This is a high-level discussion of consensus system, including PoW and PoS. You can find a deep dive of Ethereum's implementation of PoS here.
Any individual EVM is a window into the shared state of the World Computer.
A block producer will create a block and send it to the network. As nodes receive new blocks they feed them into their copy of the EVM, syncing it to the leader.
The system by which proposers are chosen and blocks are decided on is called consensus.
For the first 7 years of its life, Ethereum used Proof of Work (PoW) as a consensus mechanism.
But as of mid Sept 2022, the World Computer has transitioned to Proof of Stake (PoS).
PoW is based around incredibly difficult mathematical puzzles; every node creates a new block and races to finish one of these puzzles.
The first to solve the puzzle proposes their block (with the solution). The rest of the nodes verify the block and puzzle. If both are valid, they discard their block and add the new one to their local EVM. Then they begin working on a new block.
Each new block confirms the ones before it acceptance is an implicit vote on the canonical chain
These "incredibly difficult mathematical puzzles" are the cornerstone of PoW. The only way to solve them is by running many powerful machines (and spending huge amounts of electricity).
This work provides the gravity that makes each implicit vote have so much weight.
PoS replaces these puzzles with a much more straightforward system: block proposers simply take turns.
This system alone is not secure; it replaces PoW's foundation of real world work/electricity with trust.
..so much trust!
Thus, we introduce stake: a capital contribution by each validator that acts of a bond for engaged, honest participation.
In order to become an Ethereum validator, an operator must first lock 32 ETH in the deposit contract, making it eligible for slashing.
Slashing is a two part process:
1) Impose economic penalties for bad behavior by draining the validators stake (up to the entire 32 ETH in the worst cases)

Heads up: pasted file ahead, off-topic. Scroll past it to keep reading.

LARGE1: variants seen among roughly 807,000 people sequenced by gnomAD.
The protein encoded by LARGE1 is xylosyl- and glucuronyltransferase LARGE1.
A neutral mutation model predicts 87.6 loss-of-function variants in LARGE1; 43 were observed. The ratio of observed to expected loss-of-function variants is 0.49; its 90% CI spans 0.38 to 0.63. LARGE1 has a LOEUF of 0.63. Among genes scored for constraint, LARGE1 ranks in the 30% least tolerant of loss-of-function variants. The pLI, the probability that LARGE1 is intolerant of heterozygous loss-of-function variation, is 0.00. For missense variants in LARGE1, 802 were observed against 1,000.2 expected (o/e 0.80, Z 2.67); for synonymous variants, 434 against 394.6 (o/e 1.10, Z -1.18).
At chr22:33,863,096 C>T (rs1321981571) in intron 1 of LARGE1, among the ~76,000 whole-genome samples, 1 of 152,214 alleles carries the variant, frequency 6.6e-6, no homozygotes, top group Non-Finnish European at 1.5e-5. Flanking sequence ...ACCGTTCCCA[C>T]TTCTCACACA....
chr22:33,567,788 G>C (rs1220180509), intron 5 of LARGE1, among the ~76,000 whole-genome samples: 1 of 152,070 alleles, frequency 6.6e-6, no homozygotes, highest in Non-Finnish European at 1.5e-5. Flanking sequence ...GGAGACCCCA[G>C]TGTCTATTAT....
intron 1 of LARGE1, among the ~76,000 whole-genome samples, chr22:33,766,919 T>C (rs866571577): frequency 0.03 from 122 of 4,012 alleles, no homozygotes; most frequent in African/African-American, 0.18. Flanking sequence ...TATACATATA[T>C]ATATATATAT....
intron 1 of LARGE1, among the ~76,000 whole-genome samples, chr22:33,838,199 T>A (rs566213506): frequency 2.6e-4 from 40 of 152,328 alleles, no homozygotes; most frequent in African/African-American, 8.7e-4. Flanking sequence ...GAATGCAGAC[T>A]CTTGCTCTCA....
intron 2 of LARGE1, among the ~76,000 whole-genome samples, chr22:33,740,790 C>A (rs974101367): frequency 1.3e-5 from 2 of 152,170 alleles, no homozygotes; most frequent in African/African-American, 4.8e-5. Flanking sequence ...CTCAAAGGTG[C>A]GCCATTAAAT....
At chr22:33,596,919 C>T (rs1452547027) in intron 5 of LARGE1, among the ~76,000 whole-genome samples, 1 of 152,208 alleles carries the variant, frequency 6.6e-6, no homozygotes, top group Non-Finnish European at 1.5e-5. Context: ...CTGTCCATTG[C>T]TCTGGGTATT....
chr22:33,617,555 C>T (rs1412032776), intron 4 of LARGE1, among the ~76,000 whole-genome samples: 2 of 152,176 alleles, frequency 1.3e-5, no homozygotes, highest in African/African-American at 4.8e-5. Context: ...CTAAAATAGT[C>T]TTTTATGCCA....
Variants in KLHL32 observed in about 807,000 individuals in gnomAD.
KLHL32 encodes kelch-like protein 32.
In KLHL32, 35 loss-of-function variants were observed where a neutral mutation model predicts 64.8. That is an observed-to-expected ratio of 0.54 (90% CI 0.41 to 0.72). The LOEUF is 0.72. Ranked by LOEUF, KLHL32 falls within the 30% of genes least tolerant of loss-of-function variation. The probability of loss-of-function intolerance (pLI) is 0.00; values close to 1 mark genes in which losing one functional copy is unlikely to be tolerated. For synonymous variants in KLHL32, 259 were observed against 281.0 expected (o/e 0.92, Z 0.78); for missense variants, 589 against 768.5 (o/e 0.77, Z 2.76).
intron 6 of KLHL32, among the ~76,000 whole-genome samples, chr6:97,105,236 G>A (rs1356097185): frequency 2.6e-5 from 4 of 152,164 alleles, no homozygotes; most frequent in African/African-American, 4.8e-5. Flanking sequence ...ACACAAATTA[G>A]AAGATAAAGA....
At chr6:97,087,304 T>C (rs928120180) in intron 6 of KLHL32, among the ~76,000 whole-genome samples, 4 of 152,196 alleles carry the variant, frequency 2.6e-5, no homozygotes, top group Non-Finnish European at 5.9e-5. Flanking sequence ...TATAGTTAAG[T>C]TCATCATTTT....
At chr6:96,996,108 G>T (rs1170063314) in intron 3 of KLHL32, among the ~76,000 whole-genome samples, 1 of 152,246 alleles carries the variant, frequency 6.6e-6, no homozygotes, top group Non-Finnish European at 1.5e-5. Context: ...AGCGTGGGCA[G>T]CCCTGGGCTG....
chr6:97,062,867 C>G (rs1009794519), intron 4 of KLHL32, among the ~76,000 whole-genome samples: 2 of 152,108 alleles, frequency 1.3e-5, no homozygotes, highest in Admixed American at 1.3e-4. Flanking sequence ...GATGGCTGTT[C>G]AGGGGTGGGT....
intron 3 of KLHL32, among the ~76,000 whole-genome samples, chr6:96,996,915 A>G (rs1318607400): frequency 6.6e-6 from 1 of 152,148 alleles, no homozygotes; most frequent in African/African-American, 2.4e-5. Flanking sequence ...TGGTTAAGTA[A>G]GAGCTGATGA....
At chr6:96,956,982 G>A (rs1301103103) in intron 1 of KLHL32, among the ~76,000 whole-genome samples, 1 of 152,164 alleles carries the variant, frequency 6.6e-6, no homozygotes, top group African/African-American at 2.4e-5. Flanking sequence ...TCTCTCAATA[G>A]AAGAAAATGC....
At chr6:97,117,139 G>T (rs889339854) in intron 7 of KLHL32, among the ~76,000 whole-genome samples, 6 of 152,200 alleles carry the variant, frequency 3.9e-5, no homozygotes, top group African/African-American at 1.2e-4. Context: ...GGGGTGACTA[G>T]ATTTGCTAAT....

2) Forcibly ejecting the offender from the network/validator set
Slashing is a very rare occurrence and only happens when malicious nodes attack the network (or EXTREME operator error).
Nevertheless, slashing is the primary enforcement mechanism and source of security of PoS.
Slashing alone is not enough to secure our simple PoS system.
A core dynamic of PoW and the incredible difficulty of its puzzles was the implicit vote on the canonical chain.
Creating one new block is very hard; creating two (let alone many more) is new impossible.Attacking the chain requires overcoming a real-world constraint.
The vote is implicit because it doesn't actually exist, it's just a metaphor we use to describe blockchain from the perspective of the network.
In PoS we must replace the implicit votes with explicit ones.
Just like PoW, every block will receive a copy of each block, but in PoS a subset will also explicit vote on the validity of each block. Each of these validators is personally voting that a block is valid.
A vote is called an attestation.
By signing an attestation, the validator is putting their stake at risk: if the block ends up being invalid, they too will be slashed.
And so, Ethereum becomes secured not only against the proposer's stake but also each attester's.
Ethereum sees time differently than we do. Units of time are broken into slots, each of which (should) contain a block. 32 slots equals an epoch, which is 6.4 mins.
Under PoS, every Ethereum validator will vote (attest or propose) once per epoch.
Thus, once every 6.4 mins, the entire validator set will vote on the canonical blockchain and place its entire stake on the line for slashing.
Once every epoch, Ethereum is secured with the total value of all staked $ETH.
Today that's ~$19B.
There's one final, much more nuanced, modification we need to make to our PoS system before it can replace PoW.
PoW is never at risk of locking up. As long as a node exists, it will be able to solve puzzles and progress the chain (although solve times will be very long).
PoS comes from a tradition of mathematics stemming from the Byzantine Generals Problem. Tl;dr consensus requires agreement of at least 2/3 between the nodes of the network.
What happens if >1/3 are offline?
Ethereum has a two-line defense approach.
First, validators who fail their duty (eg missing/late/incorrect attestation) receive a mild penalty. This is an encouragement to remain online, but it's felt by everyone during routine maintenance or network volatility.
If >2/3 of the network is not participating, Ethereum cannot finalize. When this situation becomes dire enough, the network activates its 2nd line of defense: inactivity leak.
The inactivity leak is a kind of emergency state that follows these rules until 2/3 can be reached:
Both of these defenses are significantly less severe than slashing. Not only are the economic punishments much less, validators are not ejected from the network.
In general, these penalties can be earned back with roughly the same amount of time it took to accrue them.
Taken all together, we now have a secure PoS system!
I'll leave this for an overview of the pros and cons (lifted from the Ethereum website).
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